Several members of the Louisville faith-based group Citizens of Louisville Organized and United Together, or CLOUT, are continuing their push for changes to Jefferson County Public Schools’ discipline policy.
CLOUT supports replacing the district’s zero-tolerance policy, which mandates students be suspended for breaking certain rules. This policy disproportionately affects minority students, and the group points to research that says out-of-school punishments are ineffective. The issue has also been linked to the “School-to-Prison Pipeline.”
Instead, CLOUT favors restorative practices, which focus on using creative solutions to repair any damage done by misbehavior, then preventing it from happening again.
CLOUT attended Monday night’s school board meeting and criticized JCPS Superintendent Donna Hargens for not supporting restorative practices. Co-president Chris Kolb says Hargens committed to financially supporting any school that wanted to implement the system, which would cost between $40,000-$80,000 per school, and he asked that the JCPS board now support restorative practices.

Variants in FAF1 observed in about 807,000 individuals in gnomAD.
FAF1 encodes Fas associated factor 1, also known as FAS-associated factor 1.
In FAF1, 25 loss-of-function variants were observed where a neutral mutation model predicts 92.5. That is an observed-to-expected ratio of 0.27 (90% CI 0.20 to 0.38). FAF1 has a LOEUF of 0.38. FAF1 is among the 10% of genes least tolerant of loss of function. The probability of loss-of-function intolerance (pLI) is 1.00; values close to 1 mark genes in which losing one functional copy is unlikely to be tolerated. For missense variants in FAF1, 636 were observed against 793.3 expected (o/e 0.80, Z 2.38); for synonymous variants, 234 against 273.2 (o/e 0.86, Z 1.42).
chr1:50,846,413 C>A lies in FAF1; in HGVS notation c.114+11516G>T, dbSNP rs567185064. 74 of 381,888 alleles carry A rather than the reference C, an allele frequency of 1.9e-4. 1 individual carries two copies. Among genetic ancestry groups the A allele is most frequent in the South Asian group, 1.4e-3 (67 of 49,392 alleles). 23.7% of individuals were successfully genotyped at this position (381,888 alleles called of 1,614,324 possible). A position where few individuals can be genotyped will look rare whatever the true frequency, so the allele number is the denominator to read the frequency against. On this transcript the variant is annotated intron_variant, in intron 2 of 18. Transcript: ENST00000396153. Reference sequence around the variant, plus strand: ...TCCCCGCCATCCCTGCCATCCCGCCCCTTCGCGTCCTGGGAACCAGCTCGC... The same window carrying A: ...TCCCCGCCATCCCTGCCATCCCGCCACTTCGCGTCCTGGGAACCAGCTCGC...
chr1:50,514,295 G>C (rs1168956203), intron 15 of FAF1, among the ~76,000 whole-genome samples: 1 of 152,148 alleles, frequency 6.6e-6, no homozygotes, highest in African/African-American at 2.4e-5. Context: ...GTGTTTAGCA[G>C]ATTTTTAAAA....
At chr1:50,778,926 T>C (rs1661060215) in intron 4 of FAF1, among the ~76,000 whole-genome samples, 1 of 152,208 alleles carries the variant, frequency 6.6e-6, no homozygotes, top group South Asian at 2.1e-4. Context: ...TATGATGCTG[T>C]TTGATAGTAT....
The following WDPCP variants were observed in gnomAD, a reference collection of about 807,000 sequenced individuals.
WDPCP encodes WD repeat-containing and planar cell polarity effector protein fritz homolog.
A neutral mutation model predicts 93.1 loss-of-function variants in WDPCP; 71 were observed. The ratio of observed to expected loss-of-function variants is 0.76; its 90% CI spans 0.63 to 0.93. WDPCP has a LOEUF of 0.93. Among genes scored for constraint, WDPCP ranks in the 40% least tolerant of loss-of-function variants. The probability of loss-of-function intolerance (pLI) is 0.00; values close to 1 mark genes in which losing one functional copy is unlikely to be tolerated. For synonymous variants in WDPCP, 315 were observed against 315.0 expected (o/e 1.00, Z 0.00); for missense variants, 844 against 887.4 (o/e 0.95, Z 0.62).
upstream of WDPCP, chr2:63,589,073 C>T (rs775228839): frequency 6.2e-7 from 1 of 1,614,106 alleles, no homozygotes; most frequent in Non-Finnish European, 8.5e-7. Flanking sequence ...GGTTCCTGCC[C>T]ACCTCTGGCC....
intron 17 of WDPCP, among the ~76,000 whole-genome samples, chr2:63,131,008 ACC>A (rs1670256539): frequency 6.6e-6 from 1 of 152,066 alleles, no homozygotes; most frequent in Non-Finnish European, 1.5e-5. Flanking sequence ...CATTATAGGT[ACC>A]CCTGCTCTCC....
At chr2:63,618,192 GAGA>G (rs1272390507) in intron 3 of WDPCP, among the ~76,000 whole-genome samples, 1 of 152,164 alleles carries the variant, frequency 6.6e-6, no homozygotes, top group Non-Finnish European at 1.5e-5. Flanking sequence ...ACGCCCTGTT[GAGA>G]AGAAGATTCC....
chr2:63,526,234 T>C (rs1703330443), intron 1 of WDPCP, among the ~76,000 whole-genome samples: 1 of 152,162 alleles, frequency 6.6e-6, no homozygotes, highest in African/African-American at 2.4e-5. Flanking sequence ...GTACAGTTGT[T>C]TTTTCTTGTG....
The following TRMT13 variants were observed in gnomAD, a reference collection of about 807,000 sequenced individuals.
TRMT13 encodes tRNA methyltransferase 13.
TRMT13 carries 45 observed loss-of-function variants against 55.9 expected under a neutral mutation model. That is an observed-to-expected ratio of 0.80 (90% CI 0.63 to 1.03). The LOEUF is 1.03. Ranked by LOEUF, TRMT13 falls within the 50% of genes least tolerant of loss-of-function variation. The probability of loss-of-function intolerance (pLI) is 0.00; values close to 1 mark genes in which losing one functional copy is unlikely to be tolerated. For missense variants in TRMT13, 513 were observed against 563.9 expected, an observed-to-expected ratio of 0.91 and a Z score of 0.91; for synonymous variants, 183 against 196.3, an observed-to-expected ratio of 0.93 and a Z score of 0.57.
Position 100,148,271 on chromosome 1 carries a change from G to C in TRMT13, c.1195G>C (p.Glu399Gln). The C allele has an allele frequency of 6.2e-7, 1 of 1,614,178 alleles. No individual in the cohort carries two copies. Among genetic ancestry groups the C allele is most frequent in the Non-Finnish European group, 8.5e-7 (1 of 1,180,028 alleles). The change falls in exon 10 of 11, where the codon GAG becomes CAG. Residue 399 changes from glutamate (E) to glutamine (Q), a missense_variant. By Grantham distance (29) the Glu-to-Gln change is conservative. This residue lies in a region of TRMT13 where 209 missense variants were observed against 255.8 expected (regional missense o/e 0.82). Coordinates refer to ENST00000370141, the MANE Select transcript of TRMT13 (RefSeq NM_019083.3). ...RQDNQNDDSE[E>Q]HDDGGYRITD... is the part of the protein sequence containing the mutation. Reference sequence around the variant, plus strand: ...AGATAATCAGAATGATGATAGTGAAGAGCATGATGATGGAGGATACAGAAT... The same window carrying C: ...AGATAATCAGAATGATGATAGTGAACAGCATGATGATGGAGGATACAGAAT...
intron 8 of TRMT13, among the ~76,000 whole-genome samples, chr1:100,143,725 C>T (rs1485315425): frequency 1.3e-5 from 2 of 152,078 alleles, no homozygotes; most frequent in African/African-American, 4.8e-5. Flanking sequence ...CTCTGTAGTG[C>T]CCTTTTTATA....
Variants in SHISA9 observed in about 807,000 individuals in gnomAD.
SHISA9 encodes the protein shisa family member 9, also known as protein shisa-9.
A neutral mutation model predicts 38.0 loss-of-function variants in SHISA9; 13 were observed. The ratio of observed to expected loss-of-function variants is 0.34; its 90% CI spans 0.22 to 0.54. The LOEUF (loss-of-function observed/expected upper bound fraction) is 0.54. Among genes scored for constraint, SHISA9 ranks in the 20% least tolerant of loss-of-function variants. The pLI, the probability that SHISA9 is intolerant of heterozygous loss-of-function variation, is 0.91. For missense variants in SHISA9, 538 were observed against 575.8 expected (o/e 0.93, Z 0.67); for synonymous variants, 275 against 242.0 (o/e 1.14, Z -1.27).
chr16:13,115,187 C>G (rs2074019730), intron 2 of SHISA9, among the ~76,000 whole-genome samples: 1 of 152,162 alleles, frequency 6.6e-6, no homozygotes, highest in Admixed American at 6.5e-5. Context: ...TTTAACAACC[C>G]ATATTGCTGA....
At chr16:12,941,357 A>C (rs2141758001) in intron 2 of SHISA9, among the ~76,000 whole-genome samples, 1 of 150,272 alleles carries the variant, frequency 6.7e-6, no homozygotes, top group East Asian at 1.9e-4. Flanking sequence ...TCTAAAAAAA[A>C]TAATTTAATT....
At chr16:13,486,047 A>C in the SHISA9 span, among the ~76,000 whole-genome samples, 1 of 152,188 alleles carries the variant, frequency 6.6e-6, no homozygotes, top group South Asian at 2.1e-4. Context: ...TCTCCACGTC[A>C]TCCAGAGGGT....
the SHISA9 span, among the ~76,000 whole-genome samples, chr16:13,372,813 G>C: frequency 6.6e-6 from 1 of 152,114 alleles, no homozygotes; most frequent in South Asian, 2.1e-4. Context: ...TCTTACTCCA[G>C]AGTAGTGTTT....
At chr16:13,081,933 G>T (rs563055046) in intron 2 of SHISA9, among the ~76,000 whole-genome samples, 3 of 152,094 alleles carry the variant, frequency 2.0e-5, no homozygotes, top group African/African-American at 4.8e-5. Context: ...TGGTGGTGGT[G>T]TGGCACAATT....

Over the past few months several schools have expressed interest in using restorative practices in some form and this month 14 schools attended a conference call to learn more about implementing the concept.
But Hargens says JCPS has persistently followed up with schools that have shown interest in using restorative practices and “we have not had a school that is interested in making the whole-school commitment and spending the time to be a whole-school pilot,” she says.
CLOUT is asking that the district pilot restorative practices in several schools, which would need buy-in from the entire school for sufficient results, he says. Further, Kolb argues there are several principals interested in implementing restorative practices to some degree and the district’s new discipline initiatives aren’t working.
Among the changes in JCPS to address the number of students receiving out-of-school punishments is the district’s cultural competency training, which all staff undergo, as well as the Student Response Teams that respond schools that have exhausted all other means when dealing with students with behavioral issues. Officials say SRTs include the main principals of restorative practices.